Generally, a higher CMI in a hospital indicates that the hospital provides expensive services with higher coding and therefore receives more money from patients. Our results imply that hospitals could increase around $40,000 by increasing their IT investment by 10%, such an increase would represent a significant increase in profits for hospitals [26]. Our results are consistent with the findings of previous studies [12,13], which also found that IT adoption led to inflated reimbursement through DRG up-coding. These results confirmed that patient coding can be easily manipulated by using IT systems.
Regarding ownership, for-profit hospitals had higher CMI values associated with IT in comparison to not-for-profit and public hospitals. This finding is also consistent with those of other studies. Generally, for-profit hospitals are keen to earn profits, which may result from a higher CMI [12]. Teaching hospitals had higher CMI values because teaching hospitals may serve as referral centers for patients with severe diseases [27].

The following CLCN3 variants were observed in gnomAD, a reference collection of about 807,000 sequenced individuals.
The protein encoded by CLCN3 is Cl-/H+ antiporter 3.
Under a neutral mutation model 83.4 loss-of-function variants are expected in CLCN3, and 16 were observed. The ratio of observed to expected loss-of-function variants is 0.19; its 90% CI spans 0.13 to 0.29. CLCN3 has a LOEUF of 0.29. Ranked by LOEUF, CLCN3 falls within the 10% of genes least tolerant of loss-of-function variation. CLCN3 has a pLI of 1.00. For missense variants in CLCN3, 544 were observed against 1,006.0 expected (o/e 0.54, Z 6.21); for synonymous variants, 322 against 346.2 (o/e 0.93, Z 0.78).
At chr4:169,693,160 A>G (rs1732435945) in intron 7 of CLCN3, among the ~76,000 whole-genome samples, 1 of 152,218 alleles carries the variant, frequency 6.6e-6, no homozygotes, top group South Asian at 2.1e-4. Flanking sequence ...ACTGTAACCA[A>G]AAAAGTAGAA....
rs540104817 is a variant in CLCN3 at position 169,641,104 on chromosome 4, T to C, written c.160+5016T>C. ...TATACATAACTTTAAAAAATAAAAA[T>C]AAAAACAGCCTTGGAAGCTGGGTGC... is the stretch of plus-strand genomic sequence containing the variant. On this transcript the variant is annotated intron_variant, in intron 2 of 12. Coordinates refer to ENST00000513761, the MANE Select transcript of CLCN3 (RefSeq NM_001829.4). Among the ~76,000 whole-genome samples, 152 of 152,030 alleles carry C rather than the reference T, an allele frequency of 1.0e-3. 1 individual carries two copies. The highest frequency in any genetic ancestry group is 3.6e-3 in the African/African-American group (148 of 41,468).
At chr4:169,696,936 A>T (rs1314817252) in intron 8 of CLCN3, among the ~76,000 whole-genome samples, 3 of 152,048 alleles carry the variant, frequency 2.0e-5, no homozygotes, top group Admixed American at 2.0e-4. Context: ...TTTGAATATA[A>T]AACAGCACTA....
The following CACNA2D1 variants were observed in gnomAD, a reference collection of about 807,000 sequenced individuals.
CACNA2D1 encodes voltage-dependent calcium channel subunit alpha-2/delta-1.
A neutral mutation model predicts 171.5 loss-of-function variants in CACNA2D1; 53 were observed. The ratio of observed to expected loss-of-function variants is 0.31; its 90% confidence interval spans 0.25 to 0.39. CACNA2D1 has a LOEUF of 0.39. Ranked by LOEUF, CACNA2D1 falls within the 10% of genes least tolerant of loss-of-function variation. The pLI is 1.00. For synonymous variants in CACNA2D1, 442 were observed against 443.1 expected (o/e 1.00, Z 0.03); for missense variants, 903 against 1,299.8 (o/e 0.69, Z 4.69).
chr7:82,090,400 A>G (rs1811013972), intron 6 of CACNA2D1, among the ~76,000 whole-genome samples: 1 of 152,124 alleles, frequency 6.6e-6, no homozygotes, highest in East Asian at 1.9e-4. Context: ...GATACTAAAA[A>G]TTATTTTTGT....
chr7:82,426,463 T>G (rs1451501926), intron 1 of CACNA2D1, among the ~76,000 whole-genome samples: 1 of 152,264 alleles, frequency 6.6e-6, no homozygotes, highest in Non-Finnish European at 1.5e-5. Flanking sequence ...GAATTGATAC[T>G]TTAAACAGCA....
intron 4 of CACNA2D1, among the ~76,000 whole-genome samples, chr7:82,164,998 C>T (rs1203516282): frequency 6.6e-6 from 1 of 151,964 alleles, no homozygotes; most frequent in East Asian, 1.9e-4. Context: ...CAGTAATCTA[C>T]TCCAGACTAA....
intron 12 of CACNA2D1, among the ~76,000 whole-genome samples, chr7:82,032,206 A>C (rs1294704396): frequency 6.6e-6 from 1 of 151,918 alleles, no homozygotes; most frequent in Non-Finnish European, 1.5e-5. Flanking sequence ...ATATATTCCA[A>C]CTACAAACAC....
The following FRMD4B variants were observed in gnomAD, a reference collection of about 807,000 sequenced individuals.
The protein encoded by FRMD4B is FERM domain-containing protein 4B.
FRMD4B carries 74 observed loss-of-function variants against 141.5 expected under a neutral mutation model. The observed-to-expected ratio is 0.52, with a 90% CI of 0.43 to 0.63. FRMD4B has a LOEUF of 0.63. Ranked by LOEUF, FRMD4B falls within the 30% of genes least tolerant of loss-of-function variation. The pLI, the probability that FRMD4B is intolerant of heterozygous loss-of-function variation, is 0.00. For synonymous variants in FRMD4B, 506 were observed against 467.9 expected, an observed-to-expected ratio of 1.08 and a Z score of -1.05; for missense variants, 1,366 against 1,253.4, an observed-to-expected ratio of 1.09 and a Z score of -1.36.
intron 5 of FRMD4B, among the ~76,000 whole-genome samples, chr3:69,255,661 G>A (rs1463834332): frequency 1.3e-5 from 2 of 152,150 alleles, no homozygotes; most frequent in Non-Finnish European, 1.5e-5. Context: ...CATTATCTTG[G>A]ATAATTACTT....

Among the types of beds, only neonatal intensive beds were positively associated with CMI. A neonatal unit provides mechanical ventilation, neonatal surgery, and special care for the sickest infants born in a hospital or transferred from another institution [28]. Thus, more neonatal intensive beds may result in a higher CMI. Network hospitals had higher CMI values. These hospitals may have had tougher cases or better medical record systems [29].
Among the volume variables, the percentages of Medicare, ER visits, and surgery inpatients are positively associated with CMI. Medicare patients are those who are older than 65 and may have more severe or chronic diseases. ER visits involve emergency situations and may require more resources than regular visits. Inpatient surgeries also require more resource to treat patients.
The results of this study suggest that the inflation of billing codes through health IT systems has a major impact on the healthcare industry. First, inflated billing leads to medical payment increases, which may not be justified by clinical benefits. Moreover, it may undermine risk-adjusted quality measurement. Finally, up-coding could degrade data integrity and the quality of care.
This study has important policy implications. Policy makers, researchers, and health professionals should be cautious in interpreting the effects of health IT on CMI, and they should remember that IT adoption itself could lead to higher patient billing. Thus, measures to prevent up-coding through IT systems should be implemented. For example, EMR systems should be monitored and audited at the payer side, and the way vendors design their EMR products should be regulated.


Conflict of Interest: No potential conflict of interest relevant to this article was reported.